After nearly an hour, Powell, who was off-duty, refused requests to come to headquarters and said he was holding hostages, according to the prosecutor.

As officers continued to try and talk with Powell, investigators determined he was alone and there were no hostages, said Kaplan. A State Police Bomb squad robotic device was sent up to the front porch, helping officers decide if was safe to enter the home.

Powell, who had been a member of the Middlesex County SWAT team and a commander of the Piscataway SWAT team, lived in the house on Parkside Avenue for a nearly 20-year period, a time marked by disputes according to neighbors.

Wendy Richards, who lives two doors away from Powell, said she knew he had problems for several years, and he should have been given help.

“I’m extremely angry. This incident doesn’t surprise me. I really thought this would have blown up sooner. Imagine having to live two doors down from this,” said Richards, whose husband is a retired Piscataway police officer.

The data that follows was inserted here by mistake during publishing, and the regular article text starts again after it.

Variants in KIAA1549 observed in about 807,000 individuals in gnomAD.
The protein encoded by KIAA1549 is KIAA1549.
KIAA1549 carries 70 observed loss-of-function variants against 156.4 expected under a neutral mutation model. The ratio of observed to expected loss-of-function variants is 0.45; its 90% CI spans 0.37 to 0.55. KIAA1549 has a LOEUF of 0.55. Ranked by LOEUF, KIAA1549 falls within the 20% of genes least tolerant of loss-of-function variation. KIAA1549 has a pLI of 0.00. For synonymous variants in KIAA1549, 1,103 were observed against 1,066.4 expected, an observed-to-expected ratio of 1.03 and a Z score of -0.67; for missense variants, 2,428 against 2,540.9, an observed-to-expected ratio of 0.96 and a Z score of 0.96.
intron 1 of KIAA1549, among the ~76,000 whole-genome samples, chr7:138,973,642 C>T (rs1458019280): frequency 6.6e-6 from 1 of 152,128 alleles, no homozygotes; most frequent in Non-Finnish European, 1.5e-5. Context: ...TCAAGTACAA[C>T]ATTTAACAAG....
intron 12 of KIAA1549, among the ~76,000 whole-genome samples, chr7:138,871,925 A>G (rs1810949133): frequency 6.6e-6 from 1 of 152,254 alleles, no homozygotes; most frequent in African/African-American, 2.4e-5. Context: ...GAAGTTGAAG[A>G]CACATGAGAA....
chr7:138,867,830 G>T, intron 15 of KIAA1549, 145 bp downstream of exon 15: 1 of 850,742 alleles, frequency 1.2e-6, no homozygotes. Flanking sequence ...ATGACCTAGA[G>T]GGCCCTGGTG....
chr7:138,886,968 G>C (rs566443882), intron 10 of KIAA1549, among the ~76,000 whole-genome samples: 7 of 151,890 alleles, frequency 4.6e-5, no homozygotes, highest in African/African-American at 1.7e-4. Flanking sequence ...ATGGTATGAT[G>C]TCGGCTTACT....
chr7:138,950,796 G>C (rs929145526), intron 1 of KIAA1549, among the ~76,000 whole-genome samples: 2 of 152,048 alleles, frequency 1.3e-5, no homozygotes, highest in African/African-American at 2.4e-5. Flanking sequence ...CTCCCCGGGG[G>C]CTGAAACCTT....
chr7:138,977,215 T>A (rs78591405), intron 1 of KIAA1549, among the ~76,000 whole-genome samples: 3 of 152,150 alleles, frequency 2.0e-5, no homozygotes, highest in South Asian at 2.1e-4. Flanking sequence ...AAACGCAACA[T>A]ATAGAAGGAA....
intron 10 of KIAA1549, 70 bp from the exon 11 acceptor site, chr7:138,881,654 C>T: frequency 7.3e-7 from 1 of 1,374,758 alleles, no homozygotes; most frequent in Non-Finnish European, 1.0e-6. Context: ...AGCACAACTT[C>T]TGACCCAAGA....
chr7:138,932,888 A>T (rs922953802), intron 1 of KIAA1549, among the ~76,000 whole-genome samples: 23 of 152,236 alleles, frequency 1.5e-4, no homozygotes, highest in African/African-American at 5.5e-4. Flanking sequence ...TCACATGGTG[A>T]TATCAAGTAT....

Representatives from the Cop2Cop counseling service for law enforcement were at the police department Monday, Ivone said. He said all township officers, including Powell were aware of the program, but it’s uncertain if Powell had called the counselors.

Powell’s son from his first marriage grew up in the house until his parents divorced more than 10 years ago, neighbors said. Powell had joint custody of the son, who graduated from high school last year, and a nine-year-old daughter with his second wife, according to neighbors.

Powell’s mother, when asked about her son, who grew up in Dunellen, said he had just gone through a difficult divorce. Her voice breaking with emotion, Diane Powell said he was “a loving father and a good son.” She ended a telephone call, saying she couldn’t talk any longer.

Kaplan said the state Attorney General’s Office was notified of the shooting, as required by state guidelines and that police were investigating the weapon used by Powell, and how he had obtained it.